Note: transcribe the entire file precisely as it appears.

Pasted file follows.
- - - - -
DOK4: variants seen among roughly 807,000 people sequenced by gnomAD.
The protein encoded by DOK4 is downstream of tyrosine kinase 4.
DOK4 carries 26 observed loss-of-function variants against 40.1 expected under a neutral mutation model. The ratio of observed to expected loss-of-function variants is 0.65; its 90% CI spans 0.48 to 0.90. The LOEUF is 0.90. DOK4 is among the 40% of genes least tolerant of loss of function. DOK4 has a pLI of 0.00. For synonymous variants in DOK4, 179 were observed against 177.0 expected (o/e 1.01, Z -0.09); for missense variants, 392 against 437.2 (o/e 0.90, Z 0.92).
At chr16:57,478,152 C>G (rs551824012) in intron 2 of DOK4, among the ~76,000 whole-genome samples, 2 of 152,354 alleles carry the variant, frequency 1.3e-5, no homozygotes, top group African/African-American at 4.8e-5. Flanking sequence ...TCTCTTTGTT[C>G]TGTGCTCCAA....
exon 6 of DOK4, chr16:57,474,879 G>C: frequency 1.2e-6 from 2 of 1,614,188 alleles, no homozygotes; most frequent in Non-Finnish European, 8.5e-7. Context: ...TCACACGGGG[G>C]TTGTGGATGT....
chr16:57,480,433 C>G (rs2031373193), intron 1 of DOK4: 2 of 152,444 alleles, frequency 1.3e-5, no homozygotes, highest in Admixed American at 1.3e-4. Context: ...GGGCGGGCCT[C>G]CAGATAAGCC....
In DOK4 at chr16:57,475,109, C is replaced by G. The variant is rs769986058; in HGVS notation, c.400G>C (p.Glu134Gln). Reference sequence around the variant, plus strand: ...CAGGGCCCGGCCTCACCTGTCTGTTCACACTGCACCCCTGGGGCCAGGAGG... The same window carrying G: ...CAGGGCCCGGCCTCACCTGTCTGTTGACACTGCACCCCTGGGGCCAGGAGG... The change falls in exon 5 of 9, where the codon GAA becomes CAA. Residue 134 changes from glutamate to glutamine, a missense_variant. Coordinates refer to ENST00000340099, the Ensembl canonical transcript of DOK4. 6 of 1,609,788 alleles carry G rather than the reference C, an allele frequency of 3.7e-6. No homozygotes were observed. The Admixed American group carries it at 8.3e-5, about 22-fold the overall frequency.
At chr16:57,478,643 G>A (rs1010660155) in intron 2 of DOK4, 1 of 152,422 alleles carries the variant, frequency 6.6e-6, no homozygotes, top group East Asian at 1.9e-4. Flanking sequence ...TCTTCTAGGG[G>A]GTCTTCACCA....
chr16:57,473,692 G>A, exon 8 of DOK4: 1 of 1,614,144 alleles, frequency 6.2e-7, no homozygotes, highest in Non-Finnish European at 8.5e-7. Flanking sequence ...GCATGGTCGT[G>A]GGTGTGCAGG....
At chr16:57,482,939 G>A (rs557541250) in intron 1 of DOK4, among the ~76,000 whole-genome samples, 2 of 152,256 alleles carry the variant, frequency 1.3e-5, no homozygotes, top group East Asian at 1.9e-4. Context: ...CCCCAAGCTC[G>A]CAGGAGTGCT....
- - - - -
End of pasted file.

DOK4: variants seen among roughly 807,000 people sequenced by gnomAD.
The protein encoded by DOK4 is downstream of tyrosine kinase 4.
DOK4 carries 26 observed loss-of-function variants against 40.1 expected under a neutral mutation model. The ratio of observed to expected loss-of-function variants is 0.65; its 90% CI spans 0.48 to 0.90. The LOEUF is 0.90. DOK4 is among the 40% of genes least tolerant of loss of function. DOK4 has a pLI of 0.00. For synonymous variants in DOK4, 179 were observed against 177.0 expected (o/e 1.01, Z -0.09); for missense variants, 392 against 437.2 (o/e 0.90, Z 0.92).
At chr16:57,478,152 C>G (rs551824012) in intron 2 of DOK4, among the ~76,000 whole-genome samples, 2 of 152,354 alleles carry the variant, frequency 1.3e-5, no homozygotes, top group African/African-American at 4.8e-5. Flanking sequence ...TCTCTTTGTT[C>G]TGTGCTCCAA....
exon 6 of DOK4, chr16:57,474,879 G>C: frequency 1.2e-6 from 2 of 1,614,188 alleles, no homozygotes; most frequent in Non-Finnish European, 8.5e-7. Context: ...TCACACGGGG[G>C]TTGTGGATGT....
chr16:57,480,433 C>G (rs2031373193), intron 1 of DOK4: 2 of 152,444 alleles, frequency 1.3e-5, no homozygotes, highest in Admixed American at 1.3e-4. Context: ...GGGCGGGCCT[C>G]CAGATAAGCC....
In DOK4 at chr16:57,475,109, C is replaced by G. The variant is rs769986058; in HGVS notation, c.400G>C (p.Glu134Gln). Reference sequence around the variant, plus strand: ...CAGGGCCCGGCCTCACCTGTCTGTTCACACTGCACCCCTGGGGCCAGGAGG... The same window carrying G: ...CAGGGCCCGGCCTCACCTGTCTGTTGACACTGCACCCCTGGGGCCAGGAGG... The change falls in exon 5 of 9, where the codon GAA becomes CAA. Residue 134 changes from glutamate to glutamine, a missense_variant. Coordinates refer to ENST00000340099, the Ensembl canonical transcript of DOK4. 6 of 1,609,788 alleles carry G rather than the reference C, an allele frequency of 3.7e-6. No homozygotes were observed. The Admixed American group carries it at 8.3e-5, about 22-fold the overall frequency.
At chr16:57,478,643 G>A (rs1010660155) in intron 2 of DOK4, 1 of 152,422 alleles carries the variant, frequency 6.6e-6, no homozygotes, top group East Asian at 1.9e-4. Flanking sequence ...TCTTCTAGGG[G>A]GTCTTCACCA....
chr16:57,473,692 G>A, exon 8 of DOK4: 1 of 1,614,144 alleles, frequency 6.2e-7, no homozygotes, highest in Non-Finnish European at 8.5e-7. Flanking sequence ...GCATGGTCGT[G>A]GGTGTGCAGG....
At chr16:57,482,939 G>A (rs557541250) in intron 1 of DOK4, among the ~76,000 whole-genome samples, 2 of 152,256 alleles carry the variant, frequency 1.3e-5, no homozygotes, top group East Asian at 1.9e-4. Context: ...CCCCAAGCTC[G>A]CAGGAGTGCT....